Amy Cox on PolliNation with Andony Melathopoulos

How can we ask not what greenspaces can do for us but what greenspaces can do for the environment? Portland-based Pro Time Lawn Seed was one of the first businesses to tackle this question, with the founder of the company developing low-maintenance and low-input lawn seed mixes, and the new owners expanding the mission to promote pollinator habitat, species diversity and soil health. PolliNation wanted to learn more, so in this episode, I visit an eco-lawn in a Portland backyard with Pro Time owner Amy Cox (on the left, also in the picture are co-owners Josh Middleton and Dawn Griffin). We look over a lawn seeded with Fleur de Lawn, a mix developed in conjunction with Dr. Tom Cook at Oregon State University, who began working on lawn alternatives in 1985. We talk about the benefits of using eco-lawns, how they work, and to establish them, and then walk across the lawns looking for bees. Pro Time has seventeen new eco-lawn, meadow, wildflower and native seed mixes in their selection.

Listen in to learn more about eco-lawns, what brought Amy into this business, and what makes eco-lawns ideal for all different kinds of home owners.

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“I think I’ve always wanted to something that helped other people, and that’s turned into something that can not only help people, but animals, insects, and the environment.” – Amy Cox

Show Notes:

  • How Amy got into the eco-lawn business
  • What still inspires Amy about this business
  • The benefits of having and keeping an eco-lawn
  • How easy it is to maintain an eco-lawn
  • What makes eco-lawns easier to maintain than regular lawns
  • The different types of eco-lawns and where they are best suited
  • Why Pro Time Lawn Seed began working on the eco-lawn
  • Why the Pacific Northwest is the ideal place for this kind of business to thrive
  • How Pro Time Lawn Seed bridges the gap between them and science and education
  • What separates Amy’s company from others in the seed business
  • What is in Pro Time Lawn Seed’s seed mixes

“Probably all that’s required [in maintaining an eco-lawn] is a little bit of patience, maybe following a bit of instruction, but it’s not difficult.” – Amy Cox

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Robert Coffin and Josh Loy on PolliNation with Andony Melathopoulos

In past episodes, we have highlighted the important role golf courses play in pollinator health. In today’s episode, we talk about a fantastic success story here in Oregon. Earlier this month, Stewart Meadows Golf Course in Medford, Oregon became Oregon’s first golf course with certified Monarch Butterfly Waystations. This effort came about through a great partnership between the golf course and one of Oregon’s most active pollinator protection group, the Southern Oregon Monarchs Advocates. In this episode, we hear about how the partnership came about, how to create certified Monarch Waystations, and how Stewart Meadows integrated the waystations into their course.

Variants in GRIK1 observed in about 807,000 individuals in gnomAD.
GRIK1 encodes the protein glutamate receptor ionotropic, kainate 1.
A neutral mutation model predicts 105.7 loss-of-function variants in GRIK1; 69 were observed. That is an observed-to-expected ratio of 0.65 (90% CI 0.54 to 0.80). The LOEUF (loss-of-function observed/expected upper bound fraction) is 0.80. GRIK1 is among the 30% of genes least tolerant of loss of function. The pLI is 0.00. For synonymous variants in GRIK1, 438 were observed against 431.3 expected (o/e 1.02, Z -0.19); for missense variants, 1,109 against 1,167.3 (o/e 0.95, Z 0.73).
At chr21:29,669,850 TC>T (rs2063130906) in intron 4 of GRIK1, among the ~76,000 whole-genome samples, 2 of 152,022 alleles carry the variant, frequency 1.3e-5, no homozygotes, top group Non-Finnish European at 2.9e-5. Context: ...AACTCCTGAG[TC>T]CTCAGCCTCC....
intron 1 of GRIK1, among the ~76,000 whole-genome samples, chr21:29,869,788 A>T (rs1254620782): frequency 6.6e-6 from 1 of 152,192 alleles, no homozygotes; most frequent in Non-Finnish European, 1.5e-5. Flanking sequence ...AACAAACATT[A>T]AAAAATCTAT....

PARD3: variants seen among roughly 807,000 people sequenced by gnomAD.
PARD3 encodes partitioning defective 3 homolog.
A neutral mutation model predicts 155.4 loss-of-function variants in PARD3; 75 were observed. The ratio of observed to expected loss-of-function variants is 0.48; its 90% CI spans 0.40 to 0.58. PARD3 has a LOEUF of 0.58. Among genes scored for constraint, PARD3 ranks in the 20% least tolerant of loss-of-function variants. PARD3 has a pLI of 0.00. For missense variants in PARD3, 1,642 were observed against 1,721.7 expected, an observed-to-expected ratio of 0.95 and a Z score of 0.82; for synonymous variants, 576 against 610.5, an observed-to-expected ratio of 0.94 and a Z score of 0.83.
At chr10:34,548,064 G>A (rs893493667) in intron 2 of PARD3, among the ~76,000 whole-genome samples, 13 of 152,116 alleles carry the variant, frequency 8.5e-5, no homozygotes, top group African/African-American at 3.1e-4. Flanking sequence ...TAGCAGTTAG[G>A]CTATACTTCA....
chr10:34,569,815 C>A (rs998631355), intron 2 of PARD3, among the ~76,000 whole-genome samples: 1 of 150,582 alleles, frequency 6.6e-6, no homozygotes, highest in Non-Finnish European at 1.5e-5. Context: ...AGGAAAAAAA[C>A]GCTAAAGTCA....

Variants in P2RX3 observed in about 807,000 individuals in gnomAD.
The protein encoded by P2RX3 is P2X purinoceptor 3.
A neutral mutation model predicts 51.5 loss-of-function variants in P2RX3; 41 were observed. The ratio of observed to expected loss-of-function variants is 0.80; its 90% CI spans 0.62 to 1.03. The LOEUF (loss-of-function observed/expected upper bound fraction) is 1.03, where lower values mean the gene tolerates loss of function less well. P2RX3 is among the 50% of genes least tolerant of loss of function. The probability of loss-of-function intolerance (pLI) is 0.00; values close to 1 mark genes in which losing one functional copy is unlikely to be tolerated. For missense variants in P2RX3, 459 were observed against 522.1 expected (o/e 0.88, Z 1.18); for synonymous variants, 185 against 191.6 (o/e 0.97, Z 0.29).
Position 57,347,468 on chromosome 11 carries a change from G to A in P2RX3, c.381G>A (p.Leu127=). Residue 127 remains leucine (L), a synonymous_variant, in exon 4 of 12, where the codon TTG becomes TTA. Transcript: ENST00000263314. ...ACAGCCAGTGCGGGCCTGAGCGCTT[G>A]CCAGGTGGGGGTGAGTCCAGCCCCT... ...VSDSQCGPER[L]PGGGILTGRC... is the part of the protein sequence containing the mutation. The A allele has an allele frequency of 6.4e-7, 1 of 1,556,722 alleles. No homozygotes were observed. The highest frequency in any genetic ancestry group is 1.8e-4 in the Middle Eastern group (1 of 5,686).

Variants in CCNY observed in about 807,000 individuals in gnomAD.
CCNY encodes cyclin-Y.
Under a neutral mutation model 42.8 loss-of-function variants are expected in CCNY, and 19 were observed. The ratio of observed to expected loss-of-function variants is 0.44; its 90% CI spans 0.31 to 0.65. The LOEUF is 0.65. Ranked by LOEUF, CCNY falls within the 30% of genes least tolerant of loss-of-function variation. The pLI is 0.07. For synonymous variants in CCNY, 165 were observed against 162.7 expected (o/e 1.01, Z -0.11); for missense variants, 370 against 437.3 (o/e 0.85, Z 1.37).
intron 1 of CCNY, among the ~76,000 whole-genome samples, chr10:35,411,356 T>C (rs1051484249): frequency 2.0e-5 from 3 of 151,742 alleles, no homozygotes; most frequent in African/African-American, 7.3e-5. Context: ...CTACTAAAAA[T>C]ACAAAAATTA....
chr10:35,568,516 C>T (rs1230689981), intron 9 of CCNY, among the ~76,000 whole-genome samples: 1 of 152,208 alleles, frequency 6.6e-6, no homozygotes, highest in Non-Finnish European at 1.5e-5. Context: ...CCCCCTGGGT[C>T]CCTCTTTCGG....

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“We want to put in more of these monarch waystations and pollinator habitats. To me, that is a wonderful next step, not only for the golf course, but for all the monarchs and our entire community.” – Robert Coffin

Show Notes:

  • What a monarch waystation is and why it’s important
  • What got Robert and Josh started in working on them
  • How the waystations benefit both the butterflies and the golf courses where they reside
  • How weed pressure has been dealt with on the course
  • What other types of waystations exist outside of golf courses
  • What it means when a monarch waystation is certified
  • How you can get your own waystation certified
  • The importance of maintenance with waystations and pollinator habitats
  • How the plots of land were prepared before becoming a waystation
  • How waystations have become a way of educating the public on pollinators
  • Why the monarch population has gotten so low this year in particular

“Anything we can do to help kids experience what I and other kids my age did when we were [younger], if we can bring more of the monarch’s back, let’s do this.” – Josh Loy

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Lincoln Best on PolliNation with Andony Melathopoulos

Lincoln Best is the Lead Taxonomist for the Oregon Bee Project/Atlas. He is obsessed with natural history, the little things, and designing plant communities to support biodiversity. He has studied the biodiversity of native bees from Haida Gwaii to Tasmania, and from Baja California to Taiwan. Few things excite him more than observing 4mm native bees on their floral hosts in arid habitats.

Listen in to learn about Lincoln Best’s manifesto for native bees and plant communities, and his best practices for volunteers in the Oregon Bee Atlas.

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“A lot of our environmental issues are landscape issues. So in order to have a healthy landscape, we need to know how to manage places and also restore them.” – Lincoln Best

Show Notes:

  • What Lincoln believes to be the key to solving our environmental issues
  • How to maximize environmental benefit from the biodiversity of plants
  • What Lincoln has been doing with the Oregon Bee Atlas
  • The process of organizing and cataloguing thousands of bee specimens
  • What makes Southern Calgary ideal for studying the effects of biodiversity on pollinator habitats
  • The importance of proper labeling
  • Lincoln’s best practices for data and specimen collection
  • How species abundance plays into specimen collection

“It’s really interesting for someone like me that loves to hunt for flower populations and look for these strange bees to be able to get that data right out of the collection.” – Lincoln Best

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